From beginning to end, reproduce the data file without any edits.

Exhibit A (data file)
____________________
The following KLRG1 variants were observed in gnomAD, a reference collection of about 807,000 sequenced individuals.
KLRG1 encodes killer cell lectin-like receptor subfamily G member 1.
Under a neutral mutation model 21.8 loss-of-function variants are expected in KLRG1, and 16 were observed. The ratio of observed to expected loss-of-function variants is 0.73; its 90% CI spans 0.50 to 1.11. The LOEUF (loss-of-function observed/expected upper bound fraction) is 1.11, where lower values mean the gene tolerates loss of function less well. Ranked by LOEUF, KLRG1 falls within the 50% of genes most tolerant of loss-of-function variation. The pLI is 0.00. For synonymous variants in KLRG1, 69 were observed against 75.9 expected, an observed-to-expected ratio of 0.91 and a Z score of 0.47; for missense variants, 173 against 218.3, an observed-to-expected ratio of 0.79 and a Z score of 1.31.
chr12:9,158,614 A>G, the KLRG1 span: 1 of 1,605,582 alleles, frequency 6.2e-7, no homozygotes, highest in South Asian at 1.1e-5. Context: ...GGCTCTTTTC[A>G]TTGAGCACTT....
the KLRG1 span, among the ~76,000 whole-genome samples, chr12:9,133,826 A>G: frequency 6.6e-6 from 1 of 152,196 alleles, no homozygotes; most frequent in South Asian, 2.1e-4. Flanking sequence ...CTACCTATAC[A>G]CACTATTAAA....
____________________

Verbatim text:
The following KLRG1 variants were observed in gnomAD, a reference collection of about 807,000 sequenced individuals.
KLRG1 encodes killer cell lectin-like receptor subfamily G member 1.
Under a neutral mutation model 21.8 loss-of-function variants are expected in KLRG1, and 16 were observed. The ratio of observed to expected loss-of-function variants is 0.73; its 90% CI spans 0.50 to 1.11. The LOEUF (loss-of-function observed/expected upper bound fraction) is 1.11, where lower values mean the gene tolerates loss of function less well. Ranked by LOEUF, KLRG1 falls within the 50% of genes most tolerant of loss-of-function variation. The pLI is 0.00. For synonymous variants in KLRG1, 69 were observed against 75.9 expected, an observed-to-expected ratio of 0.91 and a Z score of 0.47; for missense variants, 173 against 218.3, an observed-to-expected ratio of 0.79 and a Z score of 1.31.
chr12:9,158,614 A>G, the KLRG1 span: 1 of 1,605,582 alleles, frequency 6.2e-7, no homozygotes, highest in South Asian at 1.1e-5. Context: ...GGCTCTTTTC[A>G]TTGAGCACTT....
the KLRG1 span, among the ~76,000 whole-genome samples, chr12:9,133,826 A>G: frequency 6.6e-6 from 1 of 152,196 alleles, no homozygotes; most frequent in South Asian, 2.1e-4. Flanking sequence ...CTACCTATAC[A>G]CACTATTAAA....